Successfully pulling out of the narrow slip and tight spaces at the Old Port Montreal Marina at 8:30, thanks to Andy’ s acquired skills, we headed to Sorel and into the Richeleau Canal system, the compass finally aimed southbound for the first time since February!
Phew, the current is something to behold around Montreal, churning and swirling and with little whirlpools all over as two channels merge here on the St. Lawrence.. This time it’s in our favor and we were surfing at nearly 14 mph versus the 4 mph coming in here the other day! A record speed for this boat, which can’t do that on its own!
Again, history finally comes full circle in my head. After all those history lessons as a kid that talked about the St. Lawrence Seaway, it has been enlightening to learn about it from the Canadian’s perspective. Once discovered, this river became the major shipping channel, opening up and enabling settlement of the country two centuries ago or more. Pretty impressive – from canoes back then to the enormous ships on it today. Most interesting is the fact that ice breaker ships work the Seaway, keeping it somewhat clear for most of the winter. However, for about 2-3 months in the worst of the winter months, no traffic is on the river as the ice is too thick and too dangerous.
Don’t forget also that the Rideau Canal came to pass as an alternate means of a commercial transportation channel because the Canadians were afraid we Americans would invade, given our close proximity to the Seaway and cut off shipping in the St. Lawrence Seaway….we never did. I guess once we lost the War of 1812, we gave it up and decided it might be best to make friends and not war.
A long travel day today from 8:30 to 6:00 along the 70 miles of the St. Lawrence River to Sorel and the beginning of the Riviere Richelieu (Richelieu River) and on to Lock #1 at Chambly Lock, Mile 39.6 of the Richelieu Canal.
We are beat after fighting the currents and all the little boats, water skiers, etc. along the way. It is Saturday and everyone with a boat must be out and zipping around. A critical observation…..not one boater along this stretch nor any other stretch since entering Canadian waters has ever slowed for us nor for anyone else, including tiny fishing boats and canoes or kayaks. Boaters speed past with only a few feet between us, narrow channel be damned. With no room to turn into the wake, we rock and roll. I spent much time today putting things back in place, including picking up and refiling papers that had been tossed out of the forward cabin closet onto the floor. I’ve tried not to become an ‘ugly American’ but am so tempted to give it back to them, shoving the throttle forward to see how THEY like our enormous wake! That or a horn blast and a one finger wave….road rage has become water rage. There is a God, however, and payback is sweet. A bunch of little boats buzzed past us, racing for the lock the other day….ie to beat us out. HA, we are so big, the lockmaster waited for us and then put us in first. Sweet revenge.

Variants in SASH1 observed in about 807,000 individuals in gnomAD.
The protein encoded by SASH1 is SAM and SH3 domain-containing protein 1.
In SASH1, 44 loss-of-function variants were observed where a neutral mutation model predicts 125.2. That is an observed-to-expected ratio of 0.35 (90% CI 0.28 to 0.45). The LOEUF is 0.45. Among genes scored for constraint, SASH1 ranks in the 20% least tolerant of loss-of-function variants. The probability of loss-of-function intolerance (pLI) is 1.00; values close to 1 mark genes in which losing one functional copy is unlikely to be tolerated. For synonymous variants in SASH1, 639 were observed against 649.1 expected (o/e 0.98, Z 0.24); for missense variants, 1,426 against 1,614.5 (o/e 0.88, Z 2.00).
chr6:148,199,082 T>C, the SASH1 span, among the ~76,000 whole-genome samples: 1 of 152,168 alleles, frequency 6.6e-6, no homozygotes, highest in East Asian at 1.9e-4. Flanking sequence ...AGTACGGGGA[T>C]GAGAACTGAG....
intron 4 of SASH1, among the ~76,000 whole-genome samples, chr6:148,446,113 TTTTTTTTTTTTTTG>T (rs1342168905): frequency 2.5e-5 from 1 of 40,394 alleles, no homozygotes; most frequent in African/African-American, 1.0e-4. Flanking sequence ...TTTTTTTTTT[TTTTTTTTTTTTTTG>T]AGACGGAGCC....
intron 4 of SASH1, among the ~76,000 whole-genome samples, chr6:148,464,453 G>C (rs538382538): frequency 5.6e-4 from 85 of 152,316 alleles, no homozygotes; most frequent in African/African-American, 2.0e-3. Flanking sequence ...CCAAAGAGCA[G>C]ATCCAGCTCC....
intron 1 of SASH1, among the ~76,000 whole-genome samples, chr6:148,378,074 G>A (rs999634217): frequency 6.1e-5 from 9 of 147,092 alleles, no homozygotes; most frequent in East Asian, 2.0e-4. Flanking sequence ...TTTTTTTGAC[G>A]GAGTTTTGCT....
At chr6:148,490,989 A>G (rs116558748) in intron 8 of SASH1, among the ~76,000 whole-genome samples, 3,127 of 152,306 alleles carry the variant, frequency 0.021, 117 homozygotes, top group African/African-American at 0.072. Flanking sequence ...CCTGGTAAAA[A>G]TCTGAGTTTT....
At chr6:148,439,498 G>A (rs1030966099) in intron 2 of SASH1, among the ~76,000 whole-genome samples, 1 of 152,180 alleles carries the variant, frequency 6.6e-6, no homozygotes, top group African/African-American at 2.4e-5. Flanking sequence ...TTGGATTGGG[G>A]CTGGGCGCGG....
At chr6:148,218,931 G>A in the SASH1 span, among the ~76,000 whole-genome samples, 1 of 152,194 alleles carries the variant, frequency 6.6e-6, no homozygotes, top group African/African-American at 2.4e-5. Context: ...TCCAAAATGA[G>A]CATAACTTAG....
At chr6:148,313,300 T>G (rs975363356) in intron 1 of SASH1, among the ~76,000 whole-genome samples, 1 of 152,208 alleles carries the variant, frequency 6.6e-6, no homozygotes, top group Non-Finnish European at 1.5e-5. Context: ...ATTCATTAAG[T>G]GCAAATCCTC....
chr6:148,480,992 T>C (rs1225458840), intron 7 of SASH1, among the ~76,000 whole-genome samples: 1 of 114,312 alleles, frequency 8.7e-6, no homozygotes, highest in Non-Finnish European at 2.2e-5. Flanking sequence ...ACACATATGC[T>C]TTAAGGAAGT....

The countryside today as we cruised along is so very pretty. Farms and homes along the way, many obviously very very old, turned into more modern homes and older cottages as came down the Richelieu Canal. Mountains began appearing in the distance and we wonder if we are looking at Vermont perhaps? Gotta find a map to figure it out.
We put on an unanticipated show at the lock wall coming into Chambley. Our guidebook said mooring available on the west wall, so I set up lines and finders for the starboard tie. Making a hard left turn around a somewhat blind corner, Andy was focused on getting the boat beside the floating dock. HOWEVER, the book was wrong and this is an EAST wall, therefore making it a port tie. I’m yelling from below (why don’t we wear those fancy headsets so we can hear each other?!) to WAIT and to give me time to switch all around. He either (a) doesn’t hear me or (b) chooses to ignore me or (c) thinks I can get it all done in 30 seconds. With only an aft line, and two fenders, we crash into the floating dock with a Frenchman yelling something…obviously along the lines of BACK OFF. Andy finally did back off and we got set and pulled back in…..can’t imagine what the Frenchmen were saying about the idiot Americans. When uncertain, I rig BOTH sides of the boat, but given the guidebook description, I did not this time. Surveying the locks later while walking about, we realized the guidebook has mixed up the walls at Chambley Lock. Mooring is available on the EAST bank above the lock and on the WEST wall below the lock. The guidebook has it the other way around. I will send them a note to correct this as it is impossible to see until the last minute given the turn one must make to get into here.
Sunday, August 16, 2009
It’s me, not the guidebook. Not one to give in easily to being wrong, however, I still say it is confusing. The guidebook says, “mooring is available both on the west bank above and on the east bank below these locks”. Well, since I am coming toward the lock, I figured above was where we were, at the NORTH end and below would be at the DOWN the hill, then it is BELOW-- therefore, tie up is on the east bank side. Hard to get my head around that quickly especially since I didn’t know til we turned the corner if the lock was an up or down, as I could not even see it. Bah, ah well, there was a show put on which amused folks.